Dr. Stokes leaves with an impact

Dr. Stokes leaves MHS and joins Hamilton Southeastern school district

Dr.+Yvonne+Stokes%2C+assistant+superintendent+of+curriculum+and+instruction%2C+attends+the+first+Minority+Committee+Meeting.+%22The+willingness+of+our+staff%2C+students%2C+and+our+community+members+to+have+some+of+those+courageous+and+difficult+conversations+around+race+and+equality+%28has+impacted+me+the+most%29.%22

Zachary Tucker

Dr. Yvonne Stokes, assistant superintendent of curriculum and instruction, attends the first Minority Committee Meeting. “The willingness of our staff, students, and our community members to have some of those courageous and difficult conversations around race and equality (has impacted me the most).”

Reena Alsakaji, Page Editor

Four years ago, Dr. Yvonne Stokes, assistant superintendent of curriculum and instruction, walked into Central Office, eager to get started on her work. Now, she says farewell to the school system she has made her home and works towards building a new career as superintendent of the Hamilton Southeastern School District.

In her time here, she’s made it her mission to provide students with the means to succeed, her efforts ranging from holding Common Assessments for students to managing the distribution of materials needed for high ability and AP courses.

“We have a great team aboard,” Dr. Stokes said. “We basically work to make sure that we have opportunity and access for underserved populations—black and brown students (and) non-English speaking students. That’s something I would say I’m proud of.”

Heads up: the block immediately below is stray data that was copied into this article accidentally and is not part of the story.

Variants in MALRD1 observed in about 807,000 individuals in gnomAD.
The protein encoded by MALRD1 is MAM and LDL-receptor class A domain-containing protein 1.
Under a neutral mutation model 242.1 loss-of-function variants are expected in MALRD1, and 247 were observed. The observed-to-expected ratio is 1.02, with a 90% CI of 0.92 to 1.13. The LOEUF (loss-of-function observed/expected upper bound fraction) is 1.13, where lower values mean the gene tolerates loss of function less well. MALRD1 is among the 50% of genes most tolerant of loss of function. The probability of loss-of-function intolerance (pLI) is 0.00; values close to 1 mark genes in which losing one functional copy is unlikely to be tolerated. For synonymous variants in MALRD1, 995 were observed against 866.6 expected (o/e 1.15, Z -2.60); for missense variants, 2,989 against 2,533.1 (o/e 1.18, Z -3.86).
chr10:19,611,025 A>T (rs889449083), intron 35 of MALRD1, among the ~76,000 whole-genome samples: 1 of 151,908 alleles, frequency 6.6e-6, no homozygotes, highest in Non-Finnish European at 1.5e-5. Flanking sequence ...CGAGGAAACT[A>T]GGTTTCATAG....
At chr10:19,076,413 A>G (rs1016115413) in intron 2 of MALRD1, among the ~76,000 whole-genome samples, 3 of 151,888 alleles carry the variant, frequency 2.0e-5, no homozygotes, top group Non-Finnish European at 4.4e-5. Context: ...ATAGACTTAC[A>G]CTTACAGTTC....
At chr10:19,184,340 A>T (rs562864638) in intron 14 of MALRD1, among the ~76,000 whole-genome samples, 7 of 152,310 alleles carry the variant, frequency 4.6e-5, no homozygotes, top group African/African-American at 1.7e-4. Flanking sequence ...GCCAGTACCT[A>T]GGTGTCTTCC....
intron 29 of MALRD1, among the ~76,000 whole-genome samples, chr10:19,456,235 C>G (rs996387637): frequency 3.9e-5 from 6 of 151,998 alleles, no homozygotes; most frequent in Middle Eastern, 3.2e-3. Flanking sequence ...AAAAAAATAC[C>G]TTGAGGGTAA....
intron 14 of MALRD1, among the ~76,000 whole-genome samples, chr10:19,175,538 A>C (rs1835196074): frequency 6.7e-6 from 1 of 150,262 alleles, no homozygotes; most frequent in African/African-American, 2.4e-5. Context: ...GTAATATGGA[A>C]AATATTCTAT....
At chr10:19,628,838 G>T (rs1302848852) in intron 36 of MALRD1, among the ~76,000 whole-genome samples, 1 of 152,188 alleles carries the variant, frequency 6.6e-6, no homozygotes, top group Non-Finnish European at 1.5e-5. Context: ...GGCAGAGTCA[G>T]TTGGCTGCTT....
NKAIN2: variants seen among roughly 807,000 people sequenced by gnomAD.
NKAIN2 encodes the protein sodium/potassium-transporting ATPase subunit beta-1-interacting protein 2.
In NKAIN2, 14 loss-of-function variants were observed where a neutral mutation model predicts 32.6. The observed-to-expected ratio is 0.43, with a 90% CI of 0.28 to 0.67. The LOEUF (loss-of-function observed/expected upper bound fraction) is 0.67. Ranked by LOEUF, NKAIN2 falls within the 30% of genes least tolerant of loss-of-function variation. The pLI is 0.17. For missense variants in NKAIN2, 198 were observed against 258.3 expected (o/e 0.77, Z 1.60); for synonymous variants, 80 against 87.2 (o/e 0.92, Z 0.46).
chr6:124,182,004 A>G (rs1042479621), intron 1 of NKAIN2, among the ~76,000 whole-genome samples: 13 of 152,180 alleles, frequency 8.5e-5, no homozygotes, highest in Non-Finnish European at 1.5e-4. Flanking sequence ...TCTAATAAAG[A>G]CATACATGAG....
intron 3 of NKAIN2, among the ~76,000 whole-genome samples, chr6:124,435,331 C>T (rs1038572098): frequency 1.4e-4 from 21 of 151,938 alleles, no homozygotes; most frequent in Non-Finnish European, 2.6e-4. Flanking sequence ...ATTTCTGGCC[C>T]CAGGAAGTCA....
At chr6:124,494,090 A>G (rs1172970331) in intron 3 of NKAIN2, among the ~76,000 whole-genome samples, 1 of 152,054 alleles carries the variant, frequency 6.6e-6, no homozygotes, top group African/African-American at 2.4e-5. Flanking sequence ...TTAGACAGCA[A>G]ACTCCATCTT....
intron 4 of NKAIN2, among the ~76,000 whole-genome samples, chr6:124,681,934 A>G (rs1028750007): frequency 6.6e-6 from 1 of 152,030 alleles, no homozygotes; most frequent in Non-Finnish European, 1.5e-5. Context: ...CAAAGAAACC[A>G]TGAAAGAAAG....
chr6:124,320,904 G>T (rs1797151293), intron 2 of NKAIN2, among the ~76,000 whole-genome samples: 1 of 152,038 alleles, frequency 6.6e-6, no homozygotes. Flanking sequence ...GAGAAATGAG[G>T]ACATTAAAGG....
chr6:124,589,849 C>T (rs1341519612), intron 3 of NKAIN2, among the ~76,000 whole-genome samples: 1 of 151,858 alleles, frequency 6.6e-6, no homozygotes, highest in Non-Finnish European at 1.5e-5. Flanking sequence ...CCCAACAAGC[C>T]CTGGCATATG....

Supplying students with opportunities and giving them a chance to speak up have both been some of Dr. Stoke’s largest objectives and accomplishments. In the middle of October, Dr. Stokes attended the first Minority Committee Meeting, providing a message to those who needed to hear it. Her statement rang out to all of the attendees. 

I’ll be honest with you (all), it’s always been my passion to make sure that all students have a voice,” Dr. Stokes said. “The saddest thing that can ever happen to a child is for them to spend 13 years of their life going to a school system, and they’re invisible. That is the worst thing you can do to a child’s social, emotional state of mind.” 

Of the months of working with different students, high ability placement courses, and arts programs—something Dr. Stokes values greatly—one of the biggest impacts Munster has had on her surrounded the conversation of battling racism. 

“The willingness of our staff, students and community members to have some of those courageous and difficult conversations around race and equity (impacted me the most),” Dr. Stokes said. “Oftentimes, you see the same scenario being played out across many school districts—you’ll typically see your Asian and Caucasian students performing at the top, and then our Black and brown students are battling for the bottom. We’ve had courageous conversations around why that is happening in academics, and it has been so rewarding that in this community, we’ve had little to no pushback in terms of collaboratively working together.” 

Growing up, Dr. Stokes was raised with kindness instilled in her. Her mother took in foster children, her father was a professor in the sciences, and her stepmother taught students with special needs. Moving between these two households, it was only natural for Dr. Stokes to take on any opportunity that allowed her to support students. 

“My life history has prepared me for such a time as this,” Dr. Stokes said. “I (often) use the expression that ‘you don’t always want to be the bridesmaid, (sometimes) you want to be the bride.’ Being the bride (for me) is being the superintendent, and I have a passion for leading the charge for supporting students.”